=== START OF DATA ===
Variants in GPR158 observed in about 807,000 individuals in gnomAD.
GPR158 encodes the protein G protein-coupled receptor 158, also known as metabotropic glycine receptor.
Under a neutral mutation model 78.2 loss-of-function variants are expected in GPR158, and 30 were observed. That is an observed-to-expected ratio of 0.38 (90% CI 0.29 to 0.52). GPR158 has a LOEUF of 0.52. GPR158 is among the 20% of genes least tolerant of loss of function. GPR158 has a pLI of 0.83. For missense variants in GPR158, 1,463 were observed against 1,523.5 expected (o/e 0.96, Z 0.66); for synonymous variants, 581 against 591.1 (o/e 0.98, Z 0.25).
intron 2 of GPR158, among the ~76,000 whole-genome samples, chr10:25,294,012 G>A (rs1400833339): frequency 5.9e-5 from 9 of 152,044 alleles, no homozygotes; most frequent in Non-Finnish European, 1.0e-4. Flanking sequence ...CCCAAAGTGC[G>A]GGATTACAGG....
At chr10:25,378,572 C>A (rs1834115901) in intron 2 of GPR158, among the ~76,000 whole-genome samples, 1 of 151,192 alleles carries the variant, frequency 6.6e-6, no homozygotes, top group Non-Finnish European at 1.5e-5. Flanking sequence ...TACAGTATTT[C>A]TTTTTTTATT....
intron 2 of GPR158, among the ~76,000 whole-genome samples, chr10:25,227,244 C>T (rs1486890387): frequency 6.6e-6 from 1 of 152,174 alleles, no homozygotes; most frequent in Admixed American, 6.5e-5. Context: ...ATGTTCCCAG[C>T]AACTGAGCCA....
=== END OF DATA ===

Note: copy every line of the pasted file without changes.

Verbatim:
Variants in GPR158 observed in about 807,000 individuals in gnomAD.
GPR158 encodes the protein G protein-coupled receptor 158, also known as metabotropic glycine receptor.
Under a neutral mutation model 78.2 loss-of-function variants are expected in GPR158, and 30 were observed. That is an observed-to-expected ratio of 0.38 (90% CI 0.29 to 0.52). GPR158 has a LOEUF of 0.52. GPR158 is among the 20% of genes least tolerant of loss of function. GPR158 has a pLI of 0.83. For missense variants in GPR158, 1,463 were observed against 1,523.5 expected (o/e 0.96, Z 0.66); for synonymous variants, 581 against 591.1 (o/e 0.98, Z 0.25).
intron 2 of GPR158, among the ~76,000 whole-genome samples, chr10:25,294,012 G>A (rs1400833339): frequency 5.9e-5 from 9 of 152,044 alleles, no homozygotes; most frequent in Non-Finnish European, 1.0e-4. Flanking sequence ...CCCAAAGTGC[G>A]GGATTACAGG....
At chr10:25,378,572 C>A (rs1834115901) in intron 2 of GPR158, among the ~76,000 whole-genome samples, 1 of 151,192 alleles carries the variant, frequency 6.6e-6, no homozygotes, top group Non-Finnish European at 1.5e-5. Flanking sequence ...TACAGTATTT[C>A]TTTTTTTATT....
intron 2 of GPR158, among the ~76,000 whole-genome samples, chr10:25,227,244 C>T (rs1486890387): frequency 6.6e-6 from 1 of 152,174 alleles, no homozygotes; most frequent in Admixed American, 6.5e-5. Context: ...ATGTTCCCAG[C>T]AACTGAGCCA....